Wednesday, March 12, 2008


Unkei at Christies

Art history buffs know that there is no Japanese sculptor more celebrated than Unkei. He's even called the "Michaelangelo of Japan" due to the sheer virtuosity of his work, and the realistic and emotional power he gave each of his pieces. Active in the late 12th and early 13th centuries, Unkei is perhaps best known to tourists for the mammoth "Ah" and "Un" statues guarding Todaiji.

It came to my attention recently that a previously unknown Unkei statue of Dainichi Nyroai is for sale at Christies, the venerable auction house, which is just about to enter Asia Week, a yearly gathering of dealers and collectors interested in Far Eastern antiquities. There hasn't been much coverage of the Unkei piece, though it is expected to fetch an unprecedented high sum. Japanese press has covered the statue a little, mostly to say that officials fear that valuable work of art "will leave Japan (I assume this means the newly rich Chinese will get possession of it).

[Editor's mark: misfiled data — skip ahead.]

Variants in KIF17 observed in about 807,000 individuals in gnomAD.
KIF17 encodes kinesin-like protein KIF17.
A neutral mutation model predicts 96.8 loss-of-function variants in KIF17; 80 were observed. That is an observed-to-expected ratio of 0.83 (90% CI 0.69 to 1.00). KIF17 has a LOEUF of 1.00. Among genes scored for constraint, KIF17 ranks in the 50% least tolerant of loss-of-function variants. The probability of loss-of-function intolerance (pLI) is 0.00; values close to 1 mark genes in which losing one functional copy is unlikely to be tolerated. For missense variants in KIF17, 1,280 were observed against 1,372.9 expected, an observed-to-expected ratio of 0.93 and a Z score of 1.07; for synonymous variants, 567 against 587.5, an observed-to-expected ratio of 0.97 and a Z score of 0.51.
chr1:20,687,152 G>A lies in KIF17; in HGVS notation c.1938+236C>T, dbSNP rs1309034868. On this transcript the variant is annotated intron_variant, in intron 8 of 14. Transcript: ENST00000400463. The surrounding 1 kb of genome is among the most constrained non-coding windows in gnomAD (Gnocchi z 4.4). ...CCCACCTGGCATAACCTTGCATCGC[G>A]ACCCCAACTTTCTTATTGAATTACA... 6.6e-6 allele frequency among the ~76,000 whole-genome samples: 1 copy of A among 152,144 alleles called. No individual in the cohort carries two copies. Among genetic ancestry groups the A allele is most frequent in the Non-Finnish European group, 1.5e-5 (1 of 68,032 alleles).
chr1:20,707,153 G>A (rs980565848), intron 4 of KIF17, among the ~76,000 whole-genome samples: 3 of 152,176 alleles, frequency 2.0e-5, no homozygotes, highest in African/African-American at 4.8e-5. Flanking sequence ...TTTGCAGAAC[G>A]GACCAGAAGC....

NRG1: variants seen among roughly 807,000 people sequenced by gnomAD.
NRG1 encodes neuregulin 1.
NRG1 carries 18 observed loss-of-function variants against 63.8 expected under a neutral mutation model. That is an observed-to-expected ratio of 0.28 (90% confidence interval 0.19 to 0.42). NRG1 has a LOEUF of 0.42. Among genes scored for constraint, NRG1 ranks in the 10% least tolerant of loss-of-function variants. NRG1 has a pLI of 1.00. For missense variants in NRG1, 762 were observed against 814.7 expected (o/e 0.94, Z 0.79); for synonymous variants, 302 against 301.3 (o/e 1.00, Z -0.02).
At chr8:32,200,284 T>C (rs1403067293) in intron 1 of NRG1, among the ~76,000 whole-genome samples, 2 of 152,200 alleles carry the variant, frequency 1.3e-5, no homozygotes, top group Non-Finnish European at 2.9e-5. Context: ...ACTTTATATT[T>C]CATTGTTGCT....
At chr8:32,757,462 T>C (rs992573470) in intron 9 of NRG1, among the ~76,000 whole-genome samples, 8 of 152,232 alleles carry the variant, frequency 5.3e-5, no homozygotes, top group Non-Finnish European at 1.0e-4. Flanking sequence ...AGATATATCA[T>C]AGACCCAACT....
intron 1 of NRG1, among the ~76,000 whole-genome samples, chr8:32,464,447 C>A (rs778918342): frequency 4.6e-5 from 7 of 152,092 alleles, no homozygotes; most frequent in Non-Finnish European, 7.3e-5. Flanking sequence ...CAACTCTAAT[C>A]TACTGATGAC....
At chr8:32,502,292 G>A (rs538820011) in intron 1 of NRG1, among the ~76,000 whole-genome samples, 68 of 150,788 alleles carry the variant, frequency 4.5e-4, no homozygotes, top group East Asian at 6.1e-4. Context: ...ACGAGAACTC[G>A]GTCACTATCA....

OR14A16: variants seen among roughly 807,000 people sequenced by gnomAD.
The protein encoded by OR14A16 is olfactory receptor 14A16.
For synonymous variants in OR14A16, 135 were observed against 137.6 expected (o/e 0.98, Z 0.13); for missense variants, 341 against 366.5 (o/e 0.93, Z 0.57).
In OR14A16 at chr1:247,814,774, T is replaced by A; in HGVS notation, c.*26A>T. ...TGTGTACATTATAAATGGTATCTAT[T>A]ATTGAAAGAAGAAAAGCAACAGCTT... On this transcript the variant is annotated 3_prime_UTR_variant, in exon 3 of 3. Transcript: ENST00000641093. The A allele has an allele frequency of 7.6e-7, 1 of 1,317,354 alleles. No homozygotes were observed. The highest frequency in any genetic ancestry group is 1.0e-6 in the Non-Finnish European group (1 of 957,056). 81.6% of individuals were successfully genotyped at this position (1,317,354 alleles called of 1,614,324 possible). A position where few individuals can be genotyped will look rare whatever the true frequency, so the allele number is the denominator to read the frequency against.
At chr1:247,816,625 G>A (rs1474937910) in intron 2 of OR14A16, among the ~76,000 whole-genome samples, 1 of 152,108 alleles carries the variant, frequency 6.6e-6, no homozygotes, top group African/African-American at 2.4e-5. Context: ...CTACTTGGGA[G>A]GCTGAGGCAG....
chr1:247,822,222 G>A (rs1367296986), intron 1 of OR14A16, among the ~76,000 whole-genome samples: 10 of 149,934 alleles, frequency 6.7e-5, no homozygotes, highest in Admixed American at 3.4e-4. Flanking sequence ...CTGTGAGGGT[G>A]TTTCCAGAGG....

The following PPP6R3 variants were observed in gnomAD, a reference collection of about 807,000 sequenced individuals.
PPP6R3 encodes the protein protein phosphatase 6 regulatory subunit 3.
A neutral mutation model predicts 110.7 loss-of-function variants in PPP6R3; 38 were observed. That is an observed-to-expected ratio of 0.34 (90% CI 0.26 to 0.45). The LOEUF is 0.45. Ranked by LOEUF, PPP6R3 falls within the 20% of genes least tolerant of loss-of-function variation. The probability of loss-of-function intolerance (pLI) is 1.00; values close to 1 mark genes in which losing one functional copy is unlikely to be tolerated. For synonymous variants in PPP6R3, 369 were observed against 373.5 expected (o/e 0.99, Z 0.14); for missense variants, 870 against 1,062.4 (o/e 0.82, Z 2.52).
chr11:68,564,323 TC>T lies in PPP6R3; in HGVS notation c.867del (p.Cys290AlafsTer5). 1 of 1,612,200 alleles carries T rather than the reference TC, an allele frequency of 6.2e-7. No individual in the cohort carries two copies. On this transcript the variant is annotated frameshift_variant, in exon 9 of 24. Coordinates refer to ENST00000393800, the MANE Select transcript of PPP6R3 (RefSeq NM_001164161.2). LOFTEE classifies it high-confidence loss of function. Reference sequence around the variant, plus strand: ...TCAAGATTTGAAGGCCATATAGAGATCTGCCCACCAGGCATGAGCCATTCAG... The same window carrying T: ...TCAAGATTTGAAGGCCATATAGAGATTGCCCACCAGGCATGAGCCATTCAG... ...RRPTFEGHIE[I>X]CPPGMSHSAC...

I've somehow ended up invited to a private viewing and lecture series on this sculpture and cannot wait to go. Once upon a time I did take graduate courses in art history and I hope my rusty brain will be ready to handle the information. If you are in New York, please do check out Asia Week, and perhaps find some time to visit Christies to see this rare work of art.

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